Monday, March 21, 2011

The evils that beset mineral collections: 5. Vibration and flexure

Vibrations are waves of movement of the environment around a mineral. These include sound and shaking (from footsteps to earthquakes).
Flexure, or flexing, is bending. Take a pliable material, like a paperclip, and bend it back and forth. Eventually it undergoes metal fatigue and snaps.
  • Delicate mineral specimens can fall apart due to repeated exposure to slight vibrations; know which of yours are susceptible to this, and keep them isolated from shocks. (Look for inexplicable dust around the specimen when it is on display as an indication it is susceptible to vibration damage.)
  • All powdery specimens are susceptible to vibrational damage; keep in closed containers.

  • The vast majority of mineral specimens will be damaged if the case they are in is overturned by an earthquake or comparable large shock. If you live in an area where earthquakes are a concern, consider storing your minerals in individual boxes lined with an archival foam material, like Volara.
  • A heavy cabinet or safe by itself will not protect your specimens from earthquake damage, unless it is securely anchored to bedrock or deep foundations. (Without appropriate securing, the cabinet can become a large heavy projectile.)
  • Raised edges on open shelving, "museum wax," Velcro, and other stabilizing materials can limit the movement of individual items in small or moderate earthquakes.
  • Many websites deal with preparing for earthquakes. In general, large heavy items should be kept on low shelves, and certainly not over one's head.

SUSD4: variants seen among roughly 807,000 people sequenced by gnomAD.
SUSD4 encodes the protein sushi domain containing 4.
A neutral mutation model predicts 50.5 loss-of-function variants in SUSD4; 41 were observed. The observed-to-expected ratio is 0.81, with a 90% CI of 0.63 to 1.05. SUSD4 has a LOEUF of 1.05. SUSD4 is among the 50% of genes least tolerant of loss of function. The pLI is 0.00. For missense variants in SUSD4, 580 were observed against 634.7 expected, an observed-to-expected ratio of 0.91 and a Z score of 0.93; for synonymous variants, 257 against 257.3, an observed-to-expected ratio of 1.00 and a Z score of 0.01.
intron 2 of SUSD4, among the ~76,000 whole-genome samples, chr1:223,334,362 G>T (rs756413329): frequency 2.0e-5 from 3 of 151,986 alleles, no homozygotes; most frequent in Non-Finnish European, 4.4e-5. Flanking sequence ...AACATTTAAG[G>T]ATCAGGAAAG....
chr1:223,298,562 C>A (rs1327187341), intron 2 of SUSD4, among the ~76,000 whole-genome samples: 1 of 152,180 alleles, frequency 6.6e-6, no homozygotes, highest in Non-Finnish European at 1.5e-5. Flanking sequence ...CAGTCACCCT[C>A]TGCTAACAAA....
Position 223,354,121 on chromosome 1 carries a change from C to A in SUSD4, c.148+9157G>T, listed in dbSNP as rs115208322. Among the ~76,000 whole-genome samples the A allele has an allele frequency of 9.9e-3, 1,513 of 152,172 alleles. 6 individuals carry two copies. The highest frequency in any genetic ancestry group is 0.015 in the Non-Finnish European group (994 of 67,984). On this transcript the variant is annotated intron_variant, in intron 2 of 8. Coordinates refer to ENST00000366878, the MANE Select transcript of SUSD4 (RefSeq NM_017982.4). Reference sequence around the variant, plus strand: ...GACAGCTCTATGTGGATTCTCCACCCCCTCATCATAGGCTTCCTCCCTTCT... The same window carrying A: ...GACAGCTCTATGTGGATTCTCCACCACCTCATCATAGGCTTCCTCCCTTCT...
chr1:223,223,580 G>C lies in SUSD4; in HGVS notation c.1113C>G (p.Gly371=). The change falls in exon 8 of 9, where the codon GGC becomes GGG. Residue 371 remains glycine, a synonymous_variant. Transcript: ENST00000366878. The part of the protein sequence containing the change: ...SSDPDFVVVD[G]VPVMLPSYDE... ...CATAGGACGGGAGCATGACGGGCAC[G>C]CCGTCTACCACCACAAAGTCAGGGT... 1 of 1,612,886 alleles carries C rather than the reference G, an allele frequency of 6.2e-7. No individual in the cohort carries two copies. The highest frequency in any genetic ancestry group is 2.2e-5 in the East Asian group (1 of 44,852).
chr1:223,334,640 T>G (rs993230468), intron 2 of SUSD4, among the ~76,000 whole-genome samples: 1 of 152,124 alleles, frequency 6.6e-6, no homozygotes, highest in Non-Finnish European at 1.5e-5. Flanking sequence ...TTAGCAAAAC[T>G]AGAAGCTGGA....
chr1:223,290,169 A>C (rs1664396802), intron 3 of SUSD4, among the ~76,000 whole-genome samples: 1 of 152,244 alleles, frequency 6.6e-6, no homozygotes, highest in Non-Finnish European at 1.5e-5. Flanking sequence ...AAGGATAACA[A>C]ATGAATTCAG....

Flexing and bending can damage metals and elongated crystals.
  • Thin mica sheets can withstand some flexing.
  • Silver, copper, and gold occur as wires and sheets that are sometimes bent into more aesthetic shapes. [This is debatably a treatment that should be disclosed.] Over-bending a specimen can cause it to break.
  • Some fibers are more elastic than others. Most fibrous specimens will be damaged by "patting" them; such as the black velvet surface of some psilomelanes. Others, like pectolite, can damage the person patting them! Okenite balls are sometimes shown to children as minerals one can pet, but the fibers are much less durable than plush animals.
  • Itacolumnite, or flexible sandstone, can lose sand grains when flexed.
  • Fibrous minerals can also be damaged by being dusted. (Millerite geodes are a common example of this.) Do not let inexperienced people dust, hold, or even touch your mineral specimens without supervision.

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